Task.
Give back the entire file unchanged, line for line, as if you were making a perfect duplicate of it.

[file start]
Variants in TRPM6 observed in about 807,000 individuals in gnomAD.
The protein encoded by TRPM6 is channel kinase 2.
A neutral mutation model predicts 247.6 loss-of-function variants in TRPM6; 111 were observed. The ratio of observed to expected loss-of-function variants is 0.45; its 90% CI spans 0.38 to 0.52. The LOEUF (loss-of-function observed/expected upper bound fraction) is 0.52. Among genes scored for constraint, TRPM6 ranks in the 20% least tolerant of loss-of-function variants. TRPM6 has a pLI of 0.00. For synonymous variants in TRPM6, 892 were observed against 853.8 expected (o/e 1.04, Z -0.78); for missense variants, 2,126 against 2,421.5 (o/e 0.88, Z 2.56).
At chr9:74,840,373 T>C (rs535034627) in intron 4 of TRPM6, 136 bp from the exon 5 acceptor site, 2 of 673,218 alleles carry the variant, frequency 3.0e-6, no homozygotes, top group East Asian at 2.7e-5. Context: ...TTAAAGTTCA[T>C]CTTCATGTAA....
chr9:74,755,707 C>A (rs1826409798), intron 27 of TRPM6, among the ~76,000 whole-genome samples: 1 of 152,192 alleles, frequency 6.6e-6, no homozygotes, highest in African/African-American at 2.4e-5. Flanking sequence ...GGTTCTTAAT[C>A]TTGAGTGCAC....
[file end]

Variants in TRPM6 observed in about 807,000 individuals in gnomAD.
The protein encoded by TRPM6 is channel kinase 2.
A neutral mutation model predicts 247.6 loss-of-function variants in TRPM6; 111 were observed. The ratio of observed to expected loss-of-function variants is 0.45; its 90% CI spans 0.38 to 0.52. The LOEUF (loss-of-function observed/expected upper bound fraction) is 0.52. Among genes scored for constraint, TRPM6 ranks in the 20% least tolerant of loss-of-function variants. TRPM6 has a pLI of 0.00. For synonymous variants in TRPM6, 892 were observed against 853.8 expected (o/e 1.04, Z -0.78); for missense variants, 2,126 against 2,421.5 (o/e 0.88, Z 2.56).
At chr9:74,840,373 T>C (rs535034627) in intron 4 of TRPM6, 136 bp from the exon 5 acceptor site, 2 of 673,218 alleles carry the variant, frequency 3.0e-6, no homozygotes, top group East Asian at 2.7e-5. Context: ...TTAAAGTTCA[T>C]CTTCATGTAA....
chr9:74,755,707 C>A (rs1826409798), intron 27 of TRPM6, among the ~76,000 whole-genome samples: 1 of 152,192 alleles, frequency 6.6e-6, no homozygotes, highest in African/African-American at 2.4e-5. Flanking sequence ...GGTTCTTAAT[C>A]TTGAGTGCAC....